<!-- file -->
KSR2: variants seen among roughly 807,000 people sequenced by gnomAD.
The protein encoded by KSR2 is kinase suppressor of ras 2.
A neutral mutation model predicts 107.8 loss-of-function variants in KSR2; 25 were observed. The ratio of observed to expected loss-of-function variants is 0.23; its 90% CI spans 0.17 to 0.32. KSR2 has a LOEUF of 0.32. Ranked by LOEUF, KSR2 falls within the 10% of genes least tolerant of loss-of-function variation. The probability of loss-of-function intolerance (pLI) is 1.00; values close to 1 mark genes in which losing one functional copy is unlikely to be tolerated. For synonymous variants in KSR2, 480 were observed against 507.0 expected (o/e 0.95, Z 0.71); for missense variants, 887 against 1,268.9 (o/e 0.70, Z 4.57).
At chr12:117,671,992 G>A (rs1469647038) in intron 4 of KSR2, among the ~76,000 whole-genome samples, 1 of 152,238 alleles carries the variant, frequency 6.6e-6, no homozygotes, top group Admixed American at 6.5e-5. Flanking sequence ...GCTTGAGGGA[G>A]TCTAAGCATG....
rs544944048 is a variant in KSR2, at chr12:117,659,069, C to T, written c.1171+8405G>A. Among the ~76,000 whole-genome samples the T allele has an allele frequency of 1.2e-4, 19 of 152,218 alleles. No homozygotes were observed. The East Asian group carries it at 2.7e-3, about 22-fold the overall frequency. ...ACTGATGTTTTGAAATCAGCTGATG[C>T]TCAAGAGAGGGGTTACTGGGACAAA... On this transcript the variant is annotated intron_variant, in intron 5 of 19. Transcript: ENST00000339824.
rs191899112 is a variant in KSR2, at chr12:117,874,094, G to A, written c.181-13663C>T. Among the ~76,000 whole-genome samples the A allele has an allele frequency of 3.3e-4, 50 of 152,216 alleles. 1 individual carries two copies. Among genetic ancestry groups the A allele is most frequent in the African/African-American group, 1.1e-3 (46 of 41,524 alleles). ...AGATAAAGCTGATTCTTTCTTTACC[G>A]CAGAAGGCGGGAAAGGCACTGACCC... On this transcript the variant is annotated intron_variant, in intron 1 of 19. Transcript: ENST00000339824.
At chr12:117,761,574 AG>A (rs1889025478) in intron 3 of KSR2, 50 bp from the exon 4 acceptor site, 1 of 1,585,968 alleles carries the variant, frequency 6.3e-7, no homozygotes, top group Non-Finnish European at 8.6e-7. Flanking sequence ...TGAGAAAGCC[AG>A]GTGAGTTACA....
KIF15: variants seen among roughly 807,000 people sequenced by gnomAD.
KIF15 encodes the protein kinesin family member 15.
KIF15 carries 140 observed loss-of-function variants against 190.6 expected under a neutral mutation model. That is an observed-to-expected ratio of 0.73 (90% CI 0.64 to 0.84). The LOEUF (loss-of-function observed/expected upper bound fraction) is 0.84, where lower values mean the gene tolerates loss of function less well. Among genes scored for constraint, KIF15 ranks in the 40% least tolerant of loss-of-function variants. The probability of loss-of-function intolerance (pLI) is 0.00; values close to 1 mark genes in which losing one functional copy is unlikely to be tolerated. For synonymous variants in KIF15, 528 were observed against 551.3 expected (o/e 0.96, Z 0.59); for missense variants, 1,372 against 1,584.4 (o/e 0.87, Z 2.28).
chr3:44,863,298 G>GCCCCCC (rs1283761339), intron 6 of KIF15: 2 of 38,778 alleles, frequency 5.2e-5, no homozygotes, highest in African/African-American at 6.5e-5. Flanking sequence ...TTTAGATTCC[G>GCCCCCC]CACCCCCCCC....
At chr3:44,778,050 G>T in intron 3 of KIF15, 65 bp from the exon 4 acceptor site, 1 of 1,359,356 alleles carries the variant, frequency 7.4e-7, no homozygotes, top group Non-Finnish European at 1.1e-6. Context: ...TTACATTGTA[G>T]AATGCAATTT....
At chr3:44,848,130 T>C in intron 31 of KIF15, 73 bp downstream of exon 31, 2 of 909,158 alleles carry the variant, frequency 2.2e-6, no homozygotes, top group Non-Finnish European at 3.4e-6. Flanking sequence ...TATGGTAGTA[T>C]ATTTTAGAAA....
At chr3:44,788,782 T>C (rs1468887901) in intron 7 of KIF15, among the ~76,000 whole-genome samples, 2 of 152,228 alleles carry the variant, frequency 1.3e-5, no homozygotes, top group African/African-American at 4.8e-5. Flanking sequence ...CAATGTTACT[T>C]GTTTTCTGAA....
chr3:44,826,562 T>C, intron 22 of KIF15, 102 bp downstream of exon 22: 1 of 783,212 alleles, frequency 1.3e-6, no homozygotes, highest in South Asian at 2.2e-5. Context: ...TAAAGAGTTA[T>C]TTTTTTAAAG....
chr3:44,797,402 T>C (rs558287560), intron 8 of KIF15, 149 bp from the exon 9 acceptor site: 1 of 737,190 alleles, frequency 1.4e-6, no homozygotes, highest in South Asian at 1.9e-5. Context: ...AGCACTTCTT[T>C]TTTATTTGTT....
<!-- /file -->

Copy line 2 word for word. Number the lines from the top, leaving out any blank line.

The protein encoded by KSR2 is kinase suppressor of ras 2.